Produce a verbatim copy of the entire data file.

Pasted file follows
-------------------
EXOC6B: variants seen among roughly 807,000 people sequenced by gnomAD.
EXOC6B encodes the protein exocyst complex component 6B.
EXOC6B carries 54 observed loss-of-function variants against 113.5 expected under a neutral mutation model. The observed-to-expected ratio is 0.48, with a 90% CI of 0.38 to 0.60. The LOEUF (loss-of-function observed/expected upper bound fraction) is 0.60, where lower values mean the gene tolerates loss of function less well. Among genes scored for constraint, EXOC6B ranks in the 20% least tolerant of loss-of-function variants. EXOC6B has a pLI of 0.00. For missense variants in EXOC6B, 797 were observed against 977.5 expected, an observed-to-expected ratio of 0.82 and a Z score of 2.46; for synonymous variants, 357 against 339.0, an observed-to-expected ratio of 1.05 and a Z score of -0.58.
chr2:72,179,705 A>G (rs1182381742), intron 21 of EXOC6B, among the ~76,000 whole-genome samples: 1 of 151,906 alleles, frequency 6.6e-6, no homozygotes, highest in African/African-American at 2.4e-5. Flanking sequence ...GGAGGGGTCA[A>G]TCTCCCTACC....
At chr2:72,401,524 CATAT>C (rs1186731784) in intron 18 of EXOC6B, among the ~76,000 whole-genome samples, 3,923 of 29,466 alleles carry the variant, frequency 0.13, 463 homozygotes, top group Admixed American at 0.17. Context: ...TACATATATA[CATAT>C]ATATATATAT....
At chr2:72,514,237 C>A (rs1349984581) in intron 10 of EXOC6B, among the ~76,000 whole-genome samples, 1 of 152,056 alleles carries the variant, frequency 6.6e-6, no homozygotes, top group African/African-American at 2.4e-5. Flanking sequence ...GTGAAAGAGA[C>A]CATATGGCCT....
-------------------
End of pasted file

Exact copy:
EXOC6B: variants seen among roughly 807,000 people sequenced by gnomAD.
EXOC6B encodes the protein exocyst complex component 6B.
EXOC6B carries 54 observed loss-of-function variants against 113.5 expected under a neutral mutation model. The observed-to-expected ratio is 0.48, with a 90% CI of 0.38 to 0.60. The LOEUF (loss-of-function observed/expected upper bound fraction) is 0.60, where lower values mean the gene tolerates loss of function less well. Among genes scored for constraint, EXOC6B ranks in the 20% least tolerant of loss-of-function variants. EXOC6B has a pLI of 0.00. For missense variants in EXOC6B, 797 were observed against 977.5 expected, an observed-to-expected ratio of 0.82 and a Z score of 2.46; for synonymous variants, 357 against 339.0, an observed-to-expected ratio of 1.05 and a Z score of -0.58.
chr2:72,179,705 A>G (rs1182381742), intron 21 of EXOC6B, among the ~76,000 whole-genome samples: 1 of 151,906 alleles, frequency 6.6e-6, no homozygotes, highest in African/African-American at 2.4e-5. Flanking sequence ...GGAGGGGTCA[A>G]TCTCCCTACC....
At chr2:72,401,524 CATAT>C (rs1186731784) in intron 18 of EXOC6B, among the ~76,000 whole-genome samples, 3,923 of 29,466 alleles carry the variant, frequency 0.13, 463 homozygotes, top group Admixed American at 0.17. Context: ...TACATATATA[CATAT>C]ATATATATAT....
At chr2:72,514,237 C>A (rs1349984581) in intron 10 of EXOC6B, among the ~76,000 whole-genome samples, 1 of 152,056 alleles carries the variant, frequency 6.6e-6, no homozygotes, top group African/African-American at 2.4e-5. Flanking sequence ...GTGAAAGAGA[C>A]CATATGGCCT....